Hybrid solar cells (HSCs) based on conjugated polymers and inorganic nanocrystals (NCs) have attracted increased attention, owing to the combination of the solution processability of polymers and the adjustable absorption properties of NCs. In previous reports, the material preparation and device fabrication are based on organic solvents, which typically include chloroform, chlorobenzene, toluene. The organic solvents need careful handling and personal protective equipment and will inevitably give rise to environmental pollution.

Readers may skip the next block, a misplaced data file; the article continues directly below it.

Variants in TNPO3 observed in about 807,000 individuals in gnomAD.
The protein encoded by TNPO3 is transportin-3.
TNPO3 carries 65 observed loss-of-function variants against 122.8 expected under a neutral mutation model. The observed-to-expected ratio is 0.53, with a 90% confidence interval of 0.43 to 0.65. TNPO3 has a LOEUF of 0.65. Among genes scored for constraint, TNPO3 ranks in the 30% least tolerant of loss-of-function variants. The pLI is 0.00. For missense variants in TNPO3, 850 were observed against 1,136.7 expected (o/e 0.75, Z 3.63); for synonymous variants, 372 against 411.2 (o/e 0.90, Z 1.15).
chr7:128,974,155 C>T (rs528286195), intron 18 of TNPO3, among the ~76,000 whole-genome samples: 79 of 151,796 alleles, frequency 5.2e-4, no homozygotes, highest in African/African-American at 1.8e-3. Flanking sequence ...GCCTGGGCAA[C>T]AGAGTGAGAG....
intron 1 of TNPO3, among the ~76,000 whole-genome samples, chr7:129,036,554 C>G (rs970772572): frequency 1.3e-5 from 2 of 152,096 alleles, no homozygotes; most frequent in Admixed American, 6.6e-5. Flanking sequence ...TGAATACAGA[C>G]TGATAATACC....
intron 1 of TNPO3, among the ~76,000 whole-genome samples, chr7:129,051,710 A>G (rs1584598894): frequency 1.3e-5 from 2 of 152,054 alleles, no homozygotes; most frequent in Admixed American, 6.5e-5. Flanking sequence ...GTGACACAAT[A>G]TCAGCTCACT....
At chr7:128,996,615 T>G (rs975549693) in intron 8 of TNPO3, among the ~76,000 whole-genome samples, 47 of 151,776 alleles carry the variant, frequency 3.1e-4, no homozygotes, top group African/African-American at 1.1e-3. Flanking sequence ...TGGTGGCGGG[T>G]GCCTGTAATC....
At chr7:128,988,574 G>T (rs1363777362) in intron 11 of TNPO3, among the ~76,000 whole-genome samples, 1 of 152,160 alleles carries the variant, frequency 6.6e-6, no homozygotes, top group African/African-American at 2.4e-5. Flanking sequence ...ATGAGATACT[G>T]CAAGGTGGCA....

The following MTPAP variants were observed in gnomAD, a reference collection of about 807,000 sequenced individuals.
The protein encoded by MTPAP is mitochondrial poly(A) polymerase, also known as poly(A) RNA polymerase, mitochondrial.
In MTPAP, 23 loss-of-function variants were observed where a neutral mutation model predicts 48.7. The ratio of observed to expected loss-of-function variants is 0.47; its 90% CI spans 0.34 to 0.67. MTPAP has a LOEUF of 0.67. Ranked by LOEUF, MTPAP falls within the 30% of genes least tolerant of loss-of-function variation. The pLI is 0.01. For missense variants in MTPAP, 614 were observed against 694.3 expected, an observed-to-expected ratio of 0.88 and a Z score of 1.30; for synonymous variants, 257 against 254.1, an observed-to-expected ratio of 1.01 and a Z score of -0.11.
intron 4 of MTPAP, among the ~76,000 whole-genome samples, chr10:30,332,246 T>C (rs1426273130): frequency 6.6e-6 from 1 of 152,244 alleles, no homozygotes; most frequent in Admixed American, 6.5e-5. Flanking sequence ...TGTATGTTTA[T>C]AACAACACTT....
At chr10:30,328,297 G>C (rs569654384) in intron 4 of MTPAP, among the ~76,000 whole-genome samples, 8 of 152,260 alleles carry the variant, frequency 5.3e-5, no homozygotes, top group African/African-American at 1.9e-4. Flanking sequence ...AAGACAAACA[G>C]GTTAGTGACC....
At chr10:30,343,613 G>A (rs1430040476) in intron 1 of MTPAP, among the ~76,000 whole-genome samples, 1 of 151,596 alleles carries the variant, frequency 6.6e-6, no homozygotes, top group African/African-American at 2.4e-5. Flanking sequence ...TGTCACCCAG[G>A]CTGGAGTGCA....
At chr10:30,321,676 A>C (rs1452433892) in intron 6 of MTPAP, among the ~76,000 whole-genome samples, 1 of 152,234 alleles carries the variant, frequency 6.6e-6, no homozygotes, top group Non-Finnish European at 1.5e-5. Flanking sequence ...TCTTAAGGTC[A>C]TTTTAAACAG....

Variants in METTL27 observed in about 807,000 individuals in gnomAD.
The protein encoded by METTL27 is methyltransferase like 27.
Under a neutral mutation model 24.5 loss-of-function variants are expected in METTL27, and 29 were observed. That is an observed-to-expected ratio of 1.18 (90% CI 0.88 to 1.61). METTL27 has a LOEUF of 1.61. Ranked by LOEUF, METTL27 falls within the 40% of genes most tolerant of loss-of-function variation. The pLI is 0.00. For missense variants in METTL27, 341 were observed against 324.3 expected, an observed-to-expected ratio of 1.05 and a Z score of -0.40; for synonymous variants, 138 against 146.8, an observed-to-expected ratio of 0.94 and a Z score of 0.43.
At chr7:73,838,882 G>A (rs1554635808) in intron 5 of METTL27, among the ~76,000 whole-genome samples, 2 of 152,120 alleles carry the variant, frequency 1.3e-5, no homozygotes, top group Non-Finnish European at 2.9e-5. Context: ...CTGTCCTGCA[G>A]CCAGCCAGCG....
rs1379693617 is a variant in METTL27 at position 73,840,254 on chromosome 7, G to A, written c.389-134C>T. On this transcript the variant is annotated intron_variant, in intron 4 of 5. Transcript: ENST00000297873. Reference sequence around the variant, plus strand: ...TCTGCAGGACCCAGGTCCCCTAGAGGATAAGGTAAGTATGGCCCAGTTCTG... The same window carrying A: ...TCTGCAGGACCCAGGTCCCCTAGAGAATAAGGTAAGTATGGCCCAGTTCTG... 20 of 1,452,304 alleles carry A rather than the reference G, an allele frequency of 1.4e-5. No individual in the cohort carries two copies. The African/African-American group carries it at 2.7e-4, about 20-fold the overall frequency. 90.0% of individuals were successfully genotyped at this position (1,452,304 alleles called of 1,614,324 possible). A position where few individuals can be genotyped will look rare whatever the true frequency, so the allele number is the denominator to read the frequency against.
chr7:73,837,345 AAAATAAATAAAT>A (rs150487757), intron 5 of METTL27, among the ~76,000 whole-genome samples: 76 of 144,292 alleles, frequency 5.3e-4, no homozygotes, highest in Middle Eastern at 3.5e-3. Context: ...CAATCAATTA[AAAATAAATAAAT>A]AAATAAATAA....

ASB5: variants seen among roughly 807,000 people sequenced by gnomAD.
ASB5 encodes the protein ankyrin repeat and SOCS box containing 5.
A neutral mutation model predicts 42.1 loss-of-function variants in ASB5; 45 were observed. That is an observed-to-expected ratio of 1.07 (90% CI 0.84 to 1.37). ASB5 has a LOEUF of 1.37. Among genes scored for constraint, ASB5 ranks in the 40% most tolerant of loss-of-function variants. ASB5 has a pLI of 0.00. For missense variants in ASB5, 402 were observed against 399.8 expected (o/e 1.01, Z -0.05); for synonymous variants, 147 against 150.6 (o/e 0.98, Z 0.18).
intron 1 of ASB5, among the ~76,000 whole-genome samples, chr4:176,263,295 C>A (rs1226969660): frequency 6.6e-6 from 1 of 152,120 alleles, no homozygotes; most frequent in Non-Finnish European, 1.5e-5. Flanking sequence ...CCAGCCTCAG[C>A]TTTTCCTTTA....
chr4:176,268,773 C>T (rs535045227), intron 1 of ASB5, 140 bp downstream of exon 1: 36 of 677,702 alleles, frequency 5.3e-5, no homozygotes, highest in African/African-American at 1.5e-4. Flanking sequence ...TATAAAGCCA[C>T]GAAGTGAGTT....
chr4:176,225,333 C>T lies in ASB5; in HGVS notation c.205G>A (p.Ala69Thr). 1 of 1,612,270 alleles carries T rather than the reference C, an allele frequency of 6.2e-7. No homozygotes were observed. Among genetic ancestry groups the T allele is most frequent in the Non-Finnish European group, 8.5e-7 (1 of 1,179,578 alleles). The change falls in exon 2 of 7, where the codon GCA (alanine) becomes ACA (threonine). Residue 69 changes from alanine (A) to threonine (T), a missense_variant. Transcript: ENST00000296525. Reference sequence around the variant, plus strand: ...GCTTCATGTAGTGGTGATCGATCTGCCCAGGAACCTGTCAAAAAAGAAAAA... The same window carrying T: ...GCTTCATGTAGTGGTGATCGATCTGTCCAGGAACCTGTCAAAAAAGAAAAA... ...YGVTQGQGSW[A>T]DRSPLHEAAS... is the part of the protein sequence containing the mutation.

Recently, using water-soluble materials for solar cells has seen increased attention, although the power conversion efficiency (PCE) is still less satisfactory than it is expected to be. Prof. Bai Yang and coworkers firstly demonstrated the fabrication of efficient polymer/NC hybrid solar cells completely from aqueous PPV precursor and CdTe nanocrystals. PEDOT:PSS and ZnO were selected as the hole transport layer and electron transport layer, respectively. A PCE of 2.14% was achieved, which was the highest value of solar cells from aqueous materials (Energy Environ. Sci., 2011, 4, 2831–2834). As the existence of PEDOT:PSS will decrease the stability of solar device and spin-coating the water-soluble active layer will lead to partly dissolution of PEDOT:PSS, solar devices with inverted structures were fabricated. Compared to the normal device, the PCE was increased to 3.61%, which was comparable to the HSCs based on organic solvent (Adv. Energy Mater. 2012, DOI: 10.1002/aenm.201200741). To increase the photocurrent, the n–i structure was constructed by introducing a CdTe buffer layer between the TiO2 and blend layer. Eventually, a record power conversion efficiency of 4.76% was achieved and the maximum Jsc can reach 16.08 mA/cm2 (Energy Environ. Sci., 2013, DOI: 10.1039/c3ee40481a).